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The Ground Interference Pattern of Very-Low-Frequency Radio Waves

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Measurements of the signal strength from the very-low-frequency Post Office sender, GBR (16 kc/s), have been made at distances up to 850 km from the sender, using a receiver installed in an aircraft. The measurements have been repeated using various aerials in the aircraft, including a rotating loop; the results of these measurements are in quite good agreement. Up to 300 km from the sender, the resulting interference pattern between the ground wave and the wave reflected from the ionosphere is in good agreement with that plotted by Budden, Ratcliffe and Wilkes,1 who showed that this part of the pattern could be interpreted by assuming an ionospheric wave reflected, with an effective reflection coefficient of about 0.15, from a horizontal layer at a height of 67 km, with a phase change of ¿ at reflection, or at a height of 75 km with no phase change. The extended curve shows that this picture is inadequate, and a detailed study of the pattern beyond 350 km indicates that the reflection conditions change considerably in the neighbourhood of 400 km. At 500 km the effective reflection coefficient appears to be about 0.35, and the effective reflection height, or the phase change at reflection, has altered. The experiment with the rotating loop shows that the polarization, which Budden, Ratcliffe and Wilkes had shown to be nearly circular up to 300 km, is elliptical at 350 km and approximately linear at 500 km; the change in reflection conditions at about 400 km thus includes a change in the polarization. The data are not sufficiently consistent to allow a detailed determination of the changes of reflection coefficient with distance in the transition region between 300 and 500 km.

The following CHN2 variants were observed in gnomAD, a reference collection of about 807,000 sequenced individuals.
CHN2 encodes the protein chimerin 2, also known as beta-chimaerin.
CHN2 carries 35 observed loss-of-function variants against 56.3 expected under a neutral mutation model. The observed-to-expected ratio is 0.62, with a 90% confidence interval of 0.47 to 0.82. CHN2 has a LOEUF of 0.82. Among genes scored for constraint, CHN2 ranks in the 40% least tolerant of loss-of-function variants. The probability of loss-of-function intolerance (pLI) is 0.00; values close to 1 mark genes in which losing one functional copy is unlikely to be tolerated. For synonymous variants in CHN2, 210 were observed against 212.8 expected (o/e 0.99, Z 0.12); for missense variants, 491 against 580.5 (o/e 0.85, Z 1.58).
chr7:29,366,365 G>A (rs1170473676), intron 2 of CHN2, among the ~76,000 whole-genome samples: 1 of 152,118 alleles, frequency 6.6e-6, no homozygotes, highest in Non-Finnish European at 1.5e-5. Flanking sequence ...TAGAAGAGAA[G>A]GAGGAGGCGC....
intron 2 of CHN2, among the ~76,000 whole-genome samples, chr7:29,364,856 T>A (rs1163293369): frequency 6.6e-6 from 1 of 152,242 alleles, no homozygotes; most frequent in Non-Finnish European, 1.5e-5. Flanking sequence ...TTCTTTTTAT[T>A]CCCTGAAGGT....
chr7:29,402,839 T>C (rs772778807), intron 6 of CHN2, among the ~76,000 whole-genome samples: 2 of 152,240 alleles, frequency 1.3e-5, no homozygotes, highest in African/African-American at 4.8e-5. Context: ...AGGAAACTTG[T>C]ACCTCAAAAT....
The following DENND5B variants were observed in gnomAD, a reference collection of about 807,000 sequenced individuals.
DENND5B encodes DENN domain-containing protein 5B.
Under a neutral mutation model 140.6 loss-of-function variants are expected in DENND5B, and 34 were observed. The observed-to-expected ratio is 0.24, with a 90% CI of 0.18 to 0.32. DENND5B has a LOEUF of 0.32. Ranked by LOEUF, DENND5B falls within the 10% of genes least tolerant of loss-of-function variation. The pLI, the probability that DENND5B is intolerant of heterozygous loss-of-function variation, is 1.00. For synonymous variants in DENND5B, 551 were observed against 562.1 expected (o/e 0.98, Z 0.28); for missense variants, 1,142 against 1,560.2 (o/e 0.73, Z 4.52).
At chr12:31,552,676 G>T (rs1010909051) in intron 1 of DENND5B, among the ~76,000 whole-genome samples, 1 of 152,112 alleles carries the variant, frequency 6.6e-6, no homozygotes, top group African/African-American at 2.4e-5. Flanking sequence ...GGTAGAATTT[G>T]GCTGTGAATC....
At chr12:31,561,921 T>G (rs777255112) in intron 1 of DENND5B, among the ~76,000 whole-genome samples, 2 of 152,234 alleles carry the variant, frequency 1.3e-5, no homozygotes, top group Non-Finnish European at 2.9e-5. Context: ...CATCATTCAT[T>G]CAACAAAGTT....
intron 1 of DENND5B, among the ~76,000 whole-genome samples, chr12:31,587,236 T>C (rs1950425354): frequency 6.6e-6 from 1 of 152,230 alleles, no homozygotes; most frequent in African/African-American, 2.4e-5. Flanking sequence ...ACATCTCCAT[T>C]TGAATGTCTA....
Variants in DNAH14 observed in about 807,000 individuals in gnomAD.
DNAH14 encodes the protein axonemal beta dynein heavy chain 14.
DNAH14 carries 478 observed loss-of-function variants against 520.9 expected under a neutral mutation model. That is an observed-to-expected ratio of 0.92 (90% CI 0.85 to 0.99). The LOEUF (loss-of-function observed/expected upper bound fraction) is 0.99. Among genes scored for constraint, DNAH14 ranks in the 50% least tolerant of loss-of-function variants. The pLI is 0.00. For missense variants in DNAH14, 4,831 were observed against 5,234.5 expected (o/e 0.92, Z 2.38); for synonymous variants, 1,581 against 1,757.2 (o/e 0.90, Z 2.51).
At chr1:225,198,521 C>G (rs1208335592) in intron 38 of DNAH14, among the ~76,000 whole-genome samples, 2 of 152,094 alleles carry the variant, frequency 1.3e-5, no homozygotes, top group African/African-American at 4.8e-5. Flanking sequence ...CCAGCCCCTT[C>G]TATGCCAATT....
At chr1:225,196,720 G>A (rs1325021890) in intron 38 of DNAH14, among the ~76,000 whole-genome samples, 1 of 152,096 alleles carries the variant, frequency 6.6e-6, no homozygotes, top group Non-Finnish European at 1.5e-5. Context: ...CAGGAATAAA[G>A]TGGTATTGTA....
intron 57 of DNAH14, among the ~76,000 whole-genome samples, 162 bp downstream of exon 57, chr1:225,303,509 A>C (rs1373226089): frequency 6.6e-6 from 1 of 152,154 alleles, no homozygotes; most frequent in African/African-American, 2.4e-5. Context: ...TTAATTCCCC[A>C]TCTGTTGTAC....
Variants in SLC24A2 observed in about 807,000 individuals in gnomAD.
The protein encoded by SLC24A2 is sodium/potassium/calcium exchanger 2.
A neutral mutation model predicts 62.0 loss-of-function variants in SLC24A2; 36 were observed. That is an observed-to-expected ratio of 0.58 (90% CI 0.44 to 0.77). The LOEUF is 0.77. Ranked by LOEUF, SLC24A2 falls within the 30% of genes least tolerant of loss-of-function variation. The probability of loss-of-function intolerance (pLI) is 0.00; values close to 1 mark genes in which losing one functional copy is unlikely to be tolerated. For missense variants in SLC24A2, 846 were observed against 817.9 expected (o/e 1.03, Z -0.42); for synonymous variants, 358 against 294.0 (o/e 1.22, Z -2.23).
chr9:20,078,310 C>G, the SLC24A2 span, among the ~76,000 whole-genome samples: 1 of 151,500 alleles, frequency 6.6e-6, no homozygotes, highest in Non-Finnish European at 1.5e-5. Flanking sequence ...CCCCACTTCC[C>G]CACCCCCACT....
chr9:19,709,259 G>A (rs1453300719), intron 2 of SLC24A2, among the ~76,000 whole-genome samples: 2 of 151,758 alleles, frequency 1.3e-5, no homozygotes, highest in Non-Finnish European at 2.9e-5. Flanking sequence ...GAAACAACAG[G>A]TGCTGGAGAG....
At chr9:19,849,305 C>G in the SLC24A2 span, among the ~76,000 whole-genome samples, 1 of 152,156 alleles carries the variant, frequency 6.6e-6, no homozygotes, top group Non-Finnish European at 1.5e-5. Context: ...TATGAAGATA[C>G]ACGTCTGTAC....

Published in:

Proceedings of the IEE - Part III: Radio and Communication Engineering  (Volume:97 ,  Issue: 46 )

Date of Publication:

March 1950

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